Some Big Banks are becoming more like Big Brother where their employees are concerned.  According to the New York Post, some banks are hiring hightech surveillance firms that can track nearly every move their employees make.  Its happening because of government pressure on the banks.

The Post reports Wall Street banks want “to protect themselves from stiff fines and to finger potential law-breakers on the payroll.”  It went on to note that these moves “come as the Department of Justice (DOJ) said this month it would seek to nail individuals during probes and that banks would be expected to cooperate if they wanted leniency in settlements, sources said.”  “The new tactics may raise eyebrows in some corners of the financial world, but this brave new regulatory world could become the norm.”

What kind of tactics are these high-tech surveillance firms employing to check on bank employees?  “Using these programs, banks are able to scrape together and easily monitor in real time their employees social media, how often they send emails on personal accounts, withdraw money from ATMs, when they enter and leave the building, when they play private conversations and what they do on the shadowy deep web,’ where Internet activity isn’t logged like it is on Google,” reported the Post.

The newspaper named three surveillance firms – Paxata and Red Owl Analytics and Palantir – that were recently hired by banks to step up their oversight capabilities.  “Up to now, regulators have relied mostly on the usual investigatory weapons – subpoenaing Bloomberg chats and company emails, the Post wrote.

“And, to be sure, it has worked, helping uncover wrongdoing and leading to more than $74 billion in fines,” reported the Post.  “But Justice has come under fire – from Congress and others – for not nailing enough individuals responsible for the crimes.”  An assistant US Attorney General said in a memo that if companies dont hand over employees, including senior executives, the DOJ will throw the book at them.




We feel for you if you were flying through Austins airport Monday.  Thats because a new daily airport departure record was set, as 23,164 people passed through the checkpoints.  What triggered this?  Formula 1.  In fact, the top four busiest departure days in airport history took place the Monday after Formula 1 (F1) races.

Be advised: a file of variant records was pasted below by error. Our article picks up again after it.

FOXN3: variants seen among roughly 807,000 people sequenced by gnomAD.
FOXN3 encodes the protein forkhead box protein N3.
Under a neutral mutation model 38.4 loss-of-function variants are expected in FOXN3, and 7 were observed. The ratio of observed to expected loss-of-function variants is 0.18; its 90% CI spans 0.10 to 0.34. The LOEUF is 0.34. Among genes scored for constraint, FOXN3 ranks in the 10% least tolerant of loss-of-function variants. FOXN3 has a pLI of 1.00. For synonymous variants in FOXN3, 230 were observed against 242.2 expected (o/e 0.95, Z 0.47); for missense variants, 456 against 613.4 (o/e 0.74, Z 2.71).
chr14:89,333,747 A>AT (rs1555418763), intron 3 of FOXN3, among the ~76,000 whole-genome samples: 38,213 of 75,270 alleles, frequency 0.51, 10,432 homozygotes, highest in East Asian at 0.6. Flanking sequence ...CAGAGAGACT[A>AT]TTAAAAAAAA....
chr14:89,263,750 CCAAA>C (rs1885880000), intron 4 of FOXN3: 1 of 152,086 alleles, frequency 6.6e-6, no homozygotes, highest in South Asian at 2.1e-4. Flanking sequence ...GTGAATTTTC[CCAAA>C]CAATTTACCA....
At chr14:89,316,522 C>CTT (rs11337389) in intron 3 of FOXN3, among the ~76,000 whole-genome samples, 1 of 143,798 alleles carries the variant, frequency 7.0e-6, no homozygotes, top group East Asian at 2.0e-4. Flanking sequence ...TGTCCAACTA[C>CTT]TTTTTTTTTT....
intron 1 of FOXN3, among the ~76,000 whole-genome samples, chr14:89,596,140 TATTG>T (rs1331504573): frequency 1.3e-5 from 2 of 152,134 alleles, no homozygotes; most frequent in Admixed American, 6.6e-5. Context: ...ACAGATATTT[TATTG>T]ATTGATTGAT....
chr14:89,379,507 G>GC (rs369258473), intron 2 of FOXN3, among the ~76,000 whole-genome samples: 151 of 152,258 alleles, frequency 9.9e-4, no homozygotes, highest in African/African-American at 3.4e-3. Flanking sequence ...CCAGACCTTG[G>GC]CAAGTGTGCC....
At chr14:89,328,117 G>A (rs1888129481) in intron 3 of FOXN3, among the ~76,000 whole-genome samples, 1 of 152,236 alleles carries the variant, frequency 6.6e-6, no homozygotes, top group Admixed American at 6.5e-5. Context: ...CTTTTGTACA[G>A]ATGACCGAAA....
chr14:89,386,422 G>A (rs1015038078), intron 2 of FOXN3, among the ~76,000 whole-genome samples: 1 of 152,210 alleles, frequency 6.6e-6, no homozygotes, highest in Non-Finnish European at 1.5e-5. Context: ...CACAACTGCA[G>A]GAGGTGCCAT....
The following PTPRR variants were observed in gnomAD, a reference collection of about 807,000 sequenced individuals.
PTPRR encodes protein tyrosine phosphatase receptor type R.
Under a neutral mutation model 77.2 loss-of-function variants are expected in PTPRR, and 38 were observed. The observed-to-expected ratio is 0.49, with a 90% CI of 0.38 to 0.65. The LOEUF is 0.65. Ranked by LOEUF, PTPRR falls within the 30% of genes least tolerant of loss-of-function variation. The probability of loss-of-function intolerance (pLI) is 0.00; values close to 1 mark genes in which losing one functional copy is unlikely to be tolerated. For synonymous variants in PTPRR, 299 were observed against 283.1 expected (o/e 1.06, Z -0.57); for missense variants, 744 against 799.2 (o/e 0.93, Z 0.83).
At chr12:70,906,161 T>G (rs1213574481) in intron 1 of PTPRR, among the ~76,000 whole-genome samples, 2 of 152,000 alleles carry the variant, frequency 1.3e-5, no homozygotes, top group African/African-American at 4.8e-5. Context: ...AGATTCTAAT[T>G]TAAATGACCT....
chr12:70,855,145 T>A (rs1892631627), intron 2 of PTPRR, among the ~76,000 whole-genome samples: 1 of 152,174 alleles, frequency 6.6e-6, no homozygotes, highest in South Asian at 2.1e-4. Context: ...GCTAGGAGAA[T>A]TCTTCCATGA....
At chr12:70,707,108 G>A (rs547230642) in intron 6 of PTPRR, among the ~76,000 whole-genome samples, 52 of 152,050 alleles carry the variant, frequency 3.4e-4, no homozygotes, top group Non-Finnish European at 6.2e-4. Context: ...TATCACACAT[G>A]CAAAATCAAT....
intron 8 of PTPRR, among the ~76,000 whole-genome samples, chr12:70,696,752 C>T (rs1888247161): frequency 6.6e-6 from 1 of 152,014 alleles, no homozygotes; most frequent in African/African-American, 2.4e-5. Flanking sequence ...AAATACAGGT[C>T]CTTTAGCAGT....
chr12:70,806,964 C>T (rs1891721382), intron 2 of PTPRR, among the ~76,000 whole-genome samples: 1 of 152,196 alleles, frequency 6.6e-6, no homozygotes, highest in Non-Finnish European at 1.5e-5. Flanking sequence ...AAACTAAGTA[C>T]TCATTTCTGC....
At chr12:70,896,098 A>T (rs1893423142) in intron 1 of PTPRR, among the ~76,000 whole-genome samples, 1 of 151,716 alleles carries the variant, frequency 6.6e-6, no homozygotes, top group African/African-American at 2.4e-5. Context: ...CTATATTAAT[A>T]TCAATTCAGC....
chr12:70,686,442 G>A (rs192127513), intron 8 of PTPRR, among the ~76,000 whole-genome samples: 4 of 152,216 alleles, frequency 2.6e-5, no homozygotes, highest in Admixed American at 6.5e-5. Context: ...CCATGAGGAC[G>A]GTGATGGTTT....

If you saw the story this week that F1 attendance was down compared to last year, you may think “hey, these airport numbers dont add up.”  Not necessarily.  The record-setting rains over the weekend obviously had an impact.  Some may have opted to stay inside and watch it on TV, before hopping a flight out of Austin.



Fess up now.  When the controversial announcement was made in 2010 to bring the internationally acclaimed Formula 1 contest to a yettobedesigned, stateoftheart high-dollar highspeed race track to Austin, did you think it would create a new technology sector in AustinNot many did.  But that is what has happened.

Remember most of the discussion was of the complaint variety – costs too much, football-oriented Austinites don’t know anything about Formula 1 (F1) and will not attend, the Circuit of the Americas (COTA) track was to be too far out of town to the east, yada, yada, yada.  Bad weather notwithstanding, this past weekend’s annual event – seen by hundreds of millions around the world – has put many of those complaints to rest.

In support of this, Charlie Jackson, who in a LinkedIn post calls himself as a Serial Entrepreneur and Technology Exec, said the initial announcement and subsequent developments added to “Austins growing reputation as a center for innovation in the growing areas of autotech and transportation.”

Jackson pointed out that after the first F1 race two years ago, “General Motors quickly followed up by creating an automotive innovation center in the former Dell campus on Parmer Lane.”  And now, he says, Austin is “in the middle of some of the most innovative and exciting technology projects in transportation and transit.”

He cites more examples:  “Downtown is the locus of several self-driving cars (Autonomous Vehicle or AV).  Google has 14 AVs roaming the streets of ATX while Daimler, Ricardo, Delphi, Tesla, Microsoft and Apple have made recent forays to Central Texas with rumors of setting up shop in this growing technology area.  Jackson ticked off more examples and then concluded by saying “the future is approaching faster than a Ferrari.  Zoom!”



Dr. Louis Overholster says you don’t have to wait for an exit to get off a Texas freeway, just follow the ruts in the grass to the frontage road like everyone else.  “This is how Texas residents notify Texas Department of Transportation where exits should have been built.”